Internationally acclaimed filmmaker and two-time Academy Award winner Sharmeen Obaid-Chinoy won yet another honour when she was conferred with the prestigious Knight International Journalism Award 2017 on May 31. According to the International Center for Journalists (ICFJ), under whose aegis the award is given, Obaid-Chinoy was recognised for her reporting across the world over the past two decades, which exposed extremism and inhumanity.
Along with the Oscar winner, Syrian photojournalist Karam al-Masri was also bestowed with the award.
“At great personal risk, Obaid-Chinoy and al-Masri faced terrorism head on, getting behind the scenes to chronicle untold abuses,” said ICFJ President Joyce Barnathan.
Obaid-Chinoy was delighted with her latest win at a prestigious international forum.
“It is a great honour for me to be awarded the Knight International Journalism Award,” she said in a press statement. “I began writing for newspapers in Pakistan when I was 14-years-old and produced my first documentary film at the age of 21. Throughout my career I have strived to investigate stories that make people deeply uncomfortable, in the hope that they will spark conversations that will eventually lead to changes in attitudes.”
As is well known, two of Obaid-Chinoy’s documentaries have won Oscars. These documentaries threw light upon the abuse of women in Pakistan. Her first Oscar-winning effort “Saving Face” displayed the plight of women who have been victims of acid attacks. The film compelled the Punjab government to institute changes in the way acid attack cases were processed by the criminal justice system, with such crimes now being tried in anti-terrorism courts in the province to ensure speedier justice.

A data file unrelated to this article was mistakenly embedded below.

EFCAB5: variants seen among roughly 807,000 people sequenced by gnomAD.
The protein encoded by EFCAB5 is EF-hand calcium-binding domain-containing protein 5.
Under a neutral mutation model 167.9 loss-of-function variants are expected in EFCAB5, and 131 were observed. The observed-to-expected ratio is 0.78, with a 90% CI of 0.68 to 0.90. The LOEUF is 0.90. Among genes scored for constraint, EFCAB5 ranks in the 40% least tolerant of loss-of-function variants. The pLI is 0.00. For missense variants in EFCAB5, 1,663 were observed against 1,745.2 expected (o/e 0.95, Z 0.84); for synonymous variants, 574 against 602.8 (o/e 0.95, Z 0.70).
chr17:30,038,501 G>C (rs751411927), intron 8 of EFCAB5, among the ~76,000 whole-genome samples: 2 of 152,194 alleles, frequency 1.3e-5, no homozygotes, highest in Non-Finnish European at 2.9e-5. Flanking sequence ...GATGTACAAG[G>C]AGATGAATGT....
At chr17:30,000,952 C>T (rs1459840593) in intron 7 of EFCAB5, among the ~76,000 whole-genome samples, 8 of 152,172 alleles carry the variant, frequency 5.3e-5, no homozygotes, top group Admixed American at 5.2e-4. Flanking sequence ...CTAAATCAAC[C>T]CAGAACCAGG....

“A Girl in the River”, which won the 2016 Oscar for Best Documentary in the Short Subject category, focused on an attempted honour killing of a young woman who married someone against her family’s wishes. The film drew attention to a loophole in the Pakistani legal system that allowed the perpetrators of these murders to go unpunished. The conversation sparked by the documentary prompted the country’s Parliament into passing a law criminalising honour killings.
Apart from her Oscar-winning efforts, Obaid-Chinoy has also produced a slew of other documentaries focusing on various themes. This includes her documentary “Pakistan’s Taliban Generation”, highlighting the plight of Pakistani boys who were groomed in Taliban schools to carry out attacks against civilians.
The Knight International Journalism Award recognises media professionals who demonstrate a passionate commitment to excellent reporting that makes a difference in the lives of people all over the world.
“These reporters exemplify journalism excellence, telling stories that advance change and revealing truths that would not be uncovered, but for their efforts,” said Jennifer Preston, Knight Foundation Vice President for Journalism.
The winners of the Knight International Journalism Award 2017 will be honoured on November 9 at the ICFJ’s Awards Dinner in Washington, DC, which will hosted by CNN’s renowned political anchor, Wolf Blitzer.